3D printing has certainly impacted a lot of industries down here on Earth, but numerous projects show that the true potential of this maturing tech may be best suited for outer space. As of late, the European Space Agency has certainly recognized 3D printing as an important tool in the space race, having just awarded €500k to a team that developed a new cold spraying technology that enables metal to be 3D printed at room temperatures (helping to eliminate possible heat-based distortion and damage to metal components).
Now, instead of 3D printing for outer space, the ESA is hoping to 3D print in outer space, having commissioned four European tech companies to develop an Additive Layer Manufacturing (ALM) breadboard machine to use within the orbiting International Space Station. For those who don’t know, a breadboard is a construction base used to build experimental models of electric circuit boards. The project is called MELT (Manufacturing of Experimental Layer Technology), a collaborative effort between four European tech companies that includes the Germany-based space companies Active Space GmbH and OHB Systems AG , as well as the Portugal-based space company Active Space SA and the 3D printing company BEEVERYCREATIVE.
The consortium’s ultimate goal is to design and build an ALM breadboard machine that is able to function under the microgravity conditions inside of the ISS. The ALM model and its operating software will be designed by BEEVERYCREATIVE, aiding the three other space companies involved in the MELT project with their 3D printing knowledge. The printer will be engineered to 3D print high-grade polymer material, which will be composed of top-notch mechanical and thermal properties, directly onto the surface of the breadboard. “We are really excited to contribute to a new technological era, and together… make the future come true,” said Sergio Moreira, head of marketing at BEEVERYCREATIVE.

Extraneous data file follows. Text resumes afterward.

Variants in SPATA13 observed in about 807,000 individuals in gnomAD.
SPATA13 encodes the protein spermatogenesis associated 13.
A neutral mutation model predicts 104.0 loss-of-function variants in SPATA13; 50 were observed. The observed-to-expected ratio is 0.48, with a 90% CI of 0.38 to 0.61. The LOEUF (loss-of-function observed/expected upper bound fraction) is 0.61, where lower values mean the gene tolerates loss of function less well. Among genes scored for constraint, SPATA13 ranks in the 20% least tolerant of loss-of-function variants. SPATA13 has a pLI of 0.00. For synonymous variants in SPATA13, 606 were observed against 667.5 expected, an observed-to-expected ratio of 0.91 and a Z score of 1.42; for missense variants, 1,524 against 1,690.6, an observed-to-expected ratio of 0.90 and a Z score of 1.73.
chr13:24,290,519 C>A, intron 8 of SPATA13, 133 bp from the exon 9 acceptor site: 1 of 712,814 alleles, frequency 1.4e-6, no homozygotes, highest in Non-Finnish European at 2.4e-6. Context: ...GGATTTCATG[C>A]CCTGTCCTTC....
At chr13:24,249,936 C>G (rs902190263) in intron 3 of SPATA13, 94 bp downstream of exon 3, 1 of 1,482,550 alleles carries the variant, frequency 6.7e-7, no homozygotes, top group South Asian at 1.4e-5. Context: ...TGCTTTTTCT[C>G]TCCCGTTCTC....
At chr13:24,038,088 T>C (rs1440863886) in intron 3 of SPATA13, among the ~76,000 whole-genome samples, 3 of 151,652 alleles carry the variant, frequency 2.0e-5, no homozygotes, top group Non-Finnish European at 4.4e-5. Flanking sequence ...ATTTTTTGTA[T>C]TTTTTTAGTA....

The consortium plans to complete the MELT project in May 2017, and still has a long way to go before it can be used by the European Space Agency. The team is still working to develop the software and hardware for the ALM machine, and also must conduct testing on the interaction between the breadboard and the 3D printed components. Though the project is moderately long-term, giving astronauts in the ISS the ability to print their own circuitry on the spot will certainly have a positive impact on humanity’s standing in outer space. In the meantime, those aboard the ISS will have plenty of 3D printing to toy around with. In addition to the current 3D printer aboard the Space Station, Made In Space plans to send its Lowe’s-branded Additive Manufacturing Facility to the ISS some time this year